The paper describes how the Icelandic fleet increased from 1980 to 2005, as well as the number of fishermen employed in the various sections of the fleet.
All categories of the fleet have increased considerably in tonnage, while the number of fishermen has declined. At the same time the catch per man-year at sea has increased, rendering the Icelandic fisheries among the most efficient in the world in terms of catch and value per manpower.
The number of fatalities in the Icelandic fisheries has declined steadily in this period. In absolute numbers these accidents are most common on decked vessels under 45m, but when weighed against man-years, fishermen on open boats are in greatest danger of losing their lives. The most common cause of fatalities is foundering of the vessel, which may cause multiple fatalities, then is man-over-board, followed by drowning in harbour and miscellaneous accidents. The reduction in the number of fatal accidents at sea may have several reasons. Mandatory safety and survival training of all fishermen, improved working conditions at sea, better telecommunications, constant VMS surveillance and a 24hr availability of airborne rescue teams have all helped to reduce fatalities in the Icelandic fishing fleet from 1980 until 2005.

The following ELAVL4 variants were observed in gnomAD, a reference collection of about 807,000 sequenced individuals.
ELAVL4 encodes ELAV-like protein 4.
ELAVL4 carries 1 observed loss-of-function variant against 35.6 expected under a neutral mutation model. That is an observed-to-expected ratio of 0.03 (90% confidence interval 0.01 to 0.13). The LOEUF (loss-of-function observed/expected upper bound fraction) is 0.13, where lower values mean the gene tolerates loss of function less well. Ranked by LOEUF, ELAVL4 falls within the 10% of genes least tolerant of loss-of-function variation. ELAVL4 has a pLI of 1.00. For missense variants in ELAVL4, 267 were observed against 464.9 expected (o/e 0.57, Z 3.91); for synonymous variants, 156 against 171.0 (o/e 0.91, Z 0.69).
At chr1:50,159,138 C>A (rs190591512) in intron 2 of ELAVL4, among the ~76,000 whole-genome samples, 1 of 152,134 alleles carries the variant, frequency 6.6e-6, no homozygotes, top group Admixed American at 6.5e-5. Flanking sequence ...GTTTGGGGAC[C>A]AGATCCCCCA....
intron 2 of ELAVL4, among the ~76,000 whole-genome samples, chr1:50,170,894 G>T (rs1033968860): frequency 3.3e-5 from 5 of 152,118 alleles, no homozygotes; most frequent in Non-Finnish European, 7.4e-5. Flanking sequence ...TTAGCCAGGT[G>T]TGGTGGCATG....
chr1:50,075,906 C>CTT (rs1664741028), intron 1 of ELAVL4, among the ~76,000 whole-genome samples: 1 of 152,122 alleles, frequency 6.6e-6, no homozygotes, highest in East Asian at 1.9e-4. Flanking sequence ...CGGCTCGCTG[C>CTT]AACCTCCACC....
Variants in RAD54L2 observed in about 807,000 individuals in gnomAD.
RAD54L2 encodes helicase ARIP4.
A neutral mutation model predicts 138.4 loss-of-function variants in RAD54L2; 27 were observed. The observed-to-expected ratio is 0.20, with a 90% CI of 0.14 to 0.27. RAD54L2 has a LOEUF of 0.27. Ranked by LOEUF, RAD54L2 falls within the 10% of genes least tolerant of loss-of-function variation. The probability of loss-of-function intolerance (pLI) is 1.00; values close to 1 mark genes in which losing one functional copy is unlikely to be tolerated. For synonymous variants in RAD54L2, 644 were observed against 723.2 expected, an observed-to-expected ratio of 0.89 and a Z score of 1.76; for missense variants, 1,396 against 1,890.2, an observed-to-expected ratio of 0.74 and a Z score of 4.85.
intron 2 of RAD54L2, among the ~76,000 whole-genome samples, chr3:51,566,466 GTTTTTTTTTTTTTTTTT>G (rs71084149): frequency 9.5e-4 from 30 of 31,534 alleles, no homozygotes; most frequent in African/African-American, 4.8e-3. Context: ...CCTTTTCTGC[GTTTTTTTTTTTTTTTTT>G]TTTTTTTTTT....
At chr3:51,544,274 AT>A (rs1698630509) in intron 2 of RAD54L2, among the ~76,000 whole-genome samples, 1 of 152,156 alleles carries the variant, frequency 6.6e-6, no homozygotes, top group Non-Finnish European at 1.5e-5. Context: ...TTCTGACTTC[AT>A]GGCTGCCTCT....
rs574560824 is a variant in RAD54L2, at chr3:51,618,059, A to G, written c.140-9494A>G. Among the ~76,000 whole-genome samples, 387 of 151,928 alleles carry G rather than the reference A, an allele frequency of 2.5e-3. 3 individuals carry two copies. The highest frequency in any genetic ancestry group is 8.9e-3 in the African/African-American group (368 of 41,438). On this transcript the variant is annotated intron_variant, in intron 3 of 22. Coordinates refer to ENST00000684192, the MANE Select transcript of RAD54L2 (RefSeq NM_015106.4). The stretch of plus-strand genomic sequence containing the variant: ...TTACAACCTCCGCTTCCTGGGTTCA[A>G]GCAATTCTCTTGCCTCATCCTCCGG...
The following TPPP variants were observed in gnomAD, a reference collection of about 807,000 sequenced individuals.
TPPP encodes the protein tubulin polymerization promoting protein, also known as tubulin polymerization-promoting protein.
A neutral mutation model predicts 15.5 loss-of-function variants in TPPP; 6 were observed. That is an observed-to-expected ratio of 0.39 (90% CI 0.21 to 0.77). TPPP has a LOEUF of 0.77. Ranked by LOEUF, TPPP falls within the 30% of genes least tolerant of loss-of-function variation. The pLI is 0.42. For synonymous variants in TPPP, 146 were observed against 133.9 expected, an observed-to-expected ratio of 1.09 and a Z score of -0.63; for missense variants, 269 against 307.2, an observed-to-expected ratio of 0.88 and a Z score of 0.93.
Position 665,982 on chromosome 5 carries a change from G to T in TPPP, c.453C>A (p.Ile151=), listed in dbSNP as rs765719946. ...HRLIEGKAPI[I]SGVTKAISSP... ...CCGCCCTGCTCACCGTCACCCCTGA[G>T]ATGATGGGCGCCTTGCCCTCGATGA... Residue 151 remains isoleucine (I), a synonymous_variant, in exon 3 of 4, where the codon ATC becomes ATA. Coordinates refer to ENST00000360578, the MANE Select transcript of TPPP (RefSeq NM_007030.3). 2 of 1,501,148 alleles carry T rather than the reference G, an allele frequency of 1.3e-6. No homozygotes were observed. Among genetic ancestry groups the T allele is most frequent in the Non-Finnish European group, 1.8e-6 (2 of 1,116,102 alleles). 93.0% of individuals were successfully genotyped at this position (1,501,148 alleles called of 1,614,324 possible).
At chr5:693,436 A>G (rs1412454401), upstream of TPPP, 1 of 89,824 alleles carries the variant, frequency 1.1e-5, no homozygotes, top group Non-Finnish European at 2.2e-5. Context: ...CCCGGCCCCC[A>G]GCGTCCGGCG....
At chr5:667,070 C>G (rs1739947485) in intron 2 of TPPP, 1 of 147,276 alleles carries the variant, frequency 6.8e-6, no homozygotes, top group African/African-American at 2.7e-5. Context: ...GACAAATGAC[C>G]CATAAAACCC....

Dr Gudrun Pettursdottir, PhD
Director, Institute for Sustainable Development, University of Iceland,
and Associate Professor, Department of Nursing, University of Iceland
Tryggvi Hjoervar, MSc, Specialist Institute for Sustainable Development,
University of Iceland
Capt.Hilamar Snorrason, Director
Maritime Safety and Survival Training Centre, Reykjavík Iceland
Address for correspondence:
Dr Gudrun Petursdottir, PhD
Institute for Sustainable Development, University of Iceland,
Sudurgata, Reykjavik 101, Iceland